As a divorce attorney in Dallas, I have seen many cases where the division of community property can become a contentious issue. This is especially true when one spouse has controlled the finances during the marriage. In these cases, it is important to understand the laws and duties surrounding community property in Texas.
Fiduciary Duty in Community Property
Under Texas law, a spouse in control of community property has a fiduciary duty to the other spouse. This means that the controlling spouse has a duty to act in good faith and not engage in fraud when disposing of the community property. Additionally, the disposition of the community property must be fair to the other spouse. There is a presumption of constructive fraud if the controlling spouse disposes of community property without the other spouse’s knowledge or consent, even if the controlling spouse acted with knowledge of the other spouse’s objections.
Community Debt and Reimbursement
In general, there is no right to reimbursement from the community estate when its funds are used to pay a community debt. This means that if the community estate is used to pay taxes, for example, the other spouse is not entitled to reimbursement. However, there are exceptions to this rule. Under the Texas Family Code, the community estate may be reimbursed for “inadequate compensation for the time, toil, talent, and effort of a spouse by a business entity under the control and direction of that spouse.”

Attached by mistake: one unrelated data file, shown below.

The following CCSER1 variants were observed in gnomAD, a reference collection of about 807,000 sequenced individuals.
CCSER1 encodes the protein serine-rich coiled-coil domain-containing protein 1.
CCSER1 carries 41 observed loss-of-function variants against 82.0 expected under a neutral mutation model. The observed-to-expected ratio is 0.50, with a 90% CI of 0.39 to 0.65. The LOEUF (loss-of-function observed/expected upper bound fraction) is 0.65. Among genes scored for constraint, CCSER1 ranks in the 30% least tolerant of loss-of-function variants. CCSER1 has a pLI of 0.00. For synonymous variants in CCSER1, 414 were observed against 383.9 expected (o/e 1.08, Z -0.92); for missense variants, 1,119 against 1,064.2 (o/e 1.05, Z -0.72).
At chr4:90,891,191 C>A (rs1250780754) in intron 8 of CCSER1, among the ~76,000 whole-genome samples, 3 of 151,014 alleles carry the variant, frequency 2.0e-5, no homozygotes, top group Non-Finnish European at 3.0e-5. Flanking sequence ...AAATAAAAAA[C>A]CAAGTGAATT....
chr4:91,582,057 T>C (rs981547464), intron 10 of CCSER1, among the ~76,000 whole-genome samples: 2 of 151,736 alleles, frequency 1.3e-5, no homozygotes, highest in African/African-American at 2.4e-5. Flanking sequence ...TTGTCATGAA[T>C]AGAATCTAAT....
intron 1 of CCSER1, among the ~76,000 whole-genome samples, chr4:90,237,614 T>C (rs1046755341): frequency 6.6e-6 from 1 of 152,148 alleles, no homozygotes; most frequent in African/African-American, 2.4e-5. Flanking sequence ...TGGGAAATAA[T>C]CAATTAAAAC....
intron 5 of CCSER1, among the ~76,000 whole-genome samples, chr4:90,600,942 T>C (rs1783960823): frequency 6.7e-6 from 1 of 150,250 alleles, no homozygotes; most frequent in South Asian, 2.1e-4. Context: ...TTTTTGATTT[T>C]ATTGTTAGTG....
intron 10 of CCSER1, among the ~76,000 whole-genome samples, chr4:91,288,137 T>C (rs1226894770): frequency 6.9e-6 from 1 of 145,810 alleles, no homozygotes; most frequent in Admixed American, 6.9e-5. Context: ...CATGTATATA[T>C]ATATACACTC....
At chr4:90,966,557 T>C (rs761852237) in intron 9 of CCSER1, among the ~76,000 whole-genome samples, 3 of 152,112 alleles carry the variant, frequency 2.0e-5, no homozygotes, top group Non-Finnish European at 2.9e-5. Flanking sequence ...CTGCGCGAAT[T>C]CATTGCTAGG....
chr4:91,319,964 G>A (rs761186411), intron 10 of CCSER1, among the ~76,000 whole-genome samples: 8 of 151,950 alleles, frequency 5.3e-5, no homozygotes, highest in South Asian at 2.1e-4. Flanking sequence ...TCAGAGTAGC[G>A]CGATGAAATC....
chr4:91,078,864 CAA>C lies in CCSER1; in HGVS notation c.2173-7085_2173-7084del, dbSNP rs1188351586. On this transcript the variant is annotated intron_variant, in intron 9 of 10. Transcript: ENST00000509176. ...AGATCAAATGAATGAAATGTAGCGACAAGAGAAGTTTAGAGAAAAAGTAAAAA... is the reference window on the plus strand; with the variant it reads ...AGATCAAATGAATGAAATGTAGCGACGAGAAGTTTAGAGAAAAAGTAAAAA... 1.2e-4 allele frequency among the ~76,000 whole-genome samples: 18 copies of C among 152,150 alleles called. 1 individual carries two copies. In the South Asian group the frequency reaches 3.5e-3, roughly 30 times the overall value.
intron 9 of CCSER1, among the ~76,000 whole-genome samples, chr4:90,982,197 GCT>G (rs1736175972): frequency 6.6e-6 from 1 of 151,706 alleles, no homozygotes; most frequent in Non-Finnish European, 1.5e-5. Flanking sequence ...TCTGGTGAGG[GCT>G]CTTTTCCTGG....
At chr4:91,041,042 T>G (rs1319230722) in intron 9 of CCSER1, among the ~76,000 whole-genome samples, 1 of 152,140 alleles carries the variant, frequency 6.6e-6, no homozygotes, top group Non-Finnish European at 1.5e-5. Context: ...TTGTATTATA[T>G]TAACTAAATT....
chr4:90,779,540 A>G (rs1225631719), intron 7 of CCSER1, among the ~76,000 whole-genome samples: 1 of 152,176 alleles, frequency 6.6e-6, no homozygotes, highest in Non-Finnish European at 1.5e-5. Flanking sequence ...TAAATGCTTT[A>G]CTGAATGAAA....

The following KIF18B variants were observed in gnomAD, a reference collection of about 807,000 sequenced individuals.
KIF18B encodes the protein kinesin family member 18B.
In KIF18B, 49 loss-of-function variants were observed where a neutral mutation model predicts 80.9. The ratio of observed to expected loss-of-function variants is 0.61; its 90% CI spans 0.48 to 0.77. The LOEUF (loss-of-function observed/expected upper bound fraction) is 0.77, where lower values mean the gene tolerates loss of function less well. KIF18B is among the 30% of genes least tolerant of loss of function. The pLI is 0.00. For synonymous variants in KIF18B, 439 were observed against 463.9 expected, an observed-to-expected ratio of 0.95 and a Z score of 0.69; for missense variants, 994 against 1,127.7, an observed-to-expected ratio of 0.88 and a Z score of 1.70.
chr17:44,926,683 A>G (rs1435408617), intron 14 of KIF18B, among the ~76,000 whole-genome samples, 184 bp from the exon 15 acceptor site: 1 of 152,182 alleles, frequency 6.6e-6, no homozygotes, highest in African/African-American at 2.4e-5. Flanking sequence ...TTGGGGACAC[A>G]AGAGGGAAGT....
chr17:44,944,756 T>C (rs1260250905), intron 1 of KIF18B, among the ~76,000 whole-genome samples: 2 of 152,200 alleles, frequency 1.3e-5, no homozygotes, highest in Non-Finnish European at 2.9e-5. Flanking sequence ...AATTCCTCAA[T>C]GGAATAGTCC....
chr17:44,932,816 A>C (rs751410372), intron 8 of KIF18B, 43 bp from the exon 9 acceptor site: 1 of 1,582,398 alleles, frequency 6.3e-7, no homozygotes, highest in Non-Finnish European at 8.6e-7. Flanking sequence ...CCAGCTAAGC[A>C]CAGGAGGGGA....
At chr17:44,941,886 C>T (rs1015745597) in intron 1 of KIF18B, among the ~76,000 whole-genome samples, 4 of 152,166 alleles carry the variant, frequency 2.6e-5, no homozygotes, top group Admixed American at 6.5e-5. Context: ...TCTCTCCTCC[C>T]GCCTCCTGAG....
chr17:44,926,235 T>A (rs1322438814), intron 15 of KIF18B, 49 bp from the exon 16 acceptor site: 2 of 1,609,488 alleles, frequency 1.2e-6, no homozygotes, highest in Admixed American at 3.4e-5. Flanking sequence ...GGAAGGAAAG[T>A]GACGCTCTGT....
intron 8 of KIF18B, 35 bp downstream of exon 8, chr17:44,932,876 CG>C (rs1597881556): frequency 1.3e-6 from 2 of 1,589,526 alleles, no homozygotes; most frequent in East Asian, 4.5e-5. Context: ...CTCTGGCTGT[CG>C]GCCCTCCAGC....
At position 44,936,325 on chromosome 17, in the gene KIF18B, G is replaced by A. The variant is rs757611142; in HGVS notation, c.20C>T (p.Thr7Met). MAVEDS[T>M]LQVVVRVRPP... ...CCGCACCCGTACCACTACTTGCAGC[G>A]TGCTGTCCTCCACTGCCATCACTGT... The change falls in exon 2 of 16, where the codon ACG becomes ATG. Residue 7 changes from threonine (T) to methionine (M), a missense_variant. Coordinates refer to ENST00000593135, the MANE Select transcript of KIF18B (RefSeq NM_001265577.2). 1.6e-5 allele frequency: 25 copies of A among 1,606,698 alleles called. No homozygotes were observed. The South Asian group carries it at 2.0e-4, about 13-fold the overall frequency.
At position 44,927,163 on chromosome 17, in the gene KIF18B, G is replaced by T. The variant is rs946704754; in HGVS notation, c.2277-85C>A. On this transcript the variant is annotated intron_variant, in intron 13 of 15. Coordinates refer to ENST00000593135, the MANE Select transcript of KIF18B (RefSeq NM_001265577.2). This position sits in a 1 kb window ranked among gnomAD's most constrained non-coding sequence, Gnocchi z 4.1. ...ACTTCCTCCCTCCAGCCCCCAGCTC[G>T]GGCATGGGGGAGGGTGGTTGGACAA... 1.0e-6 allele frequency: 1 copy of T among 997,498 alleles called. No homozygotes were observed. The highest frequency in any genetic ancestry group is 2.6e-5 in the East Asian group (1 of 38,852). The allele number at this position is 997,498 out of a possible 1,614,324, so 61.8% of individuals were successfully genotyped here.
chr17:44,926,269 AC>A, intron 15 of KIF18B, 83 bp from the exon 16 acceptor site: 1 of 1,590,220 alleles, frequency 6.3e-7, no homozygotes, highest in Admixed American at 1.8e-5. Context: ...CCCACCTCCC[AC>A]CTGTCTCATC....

Political Contributions and Community Property
In some cases, political contributions can also be a source of contention during a divorce. The court will consider the relationship between the donor and the recipient, the adequacy of the remaining estate, any special circumstances that justify the gift, and the amount of the contribution in relation to the total community estate. The controlling spouse has a duty to ensure that any political contributions made during the marriage are fair to the other spouse.
In conclusion, it is important to understand the laws and duties surrounding community property in Texas during a divorce. If you are going through a divorce and have questions about the division of your community property, I encourage you to contact an experienced divorce attorney. The Blacknall Firm has extensive experience in handling complex divorce cases and can help you navigate this difficult process.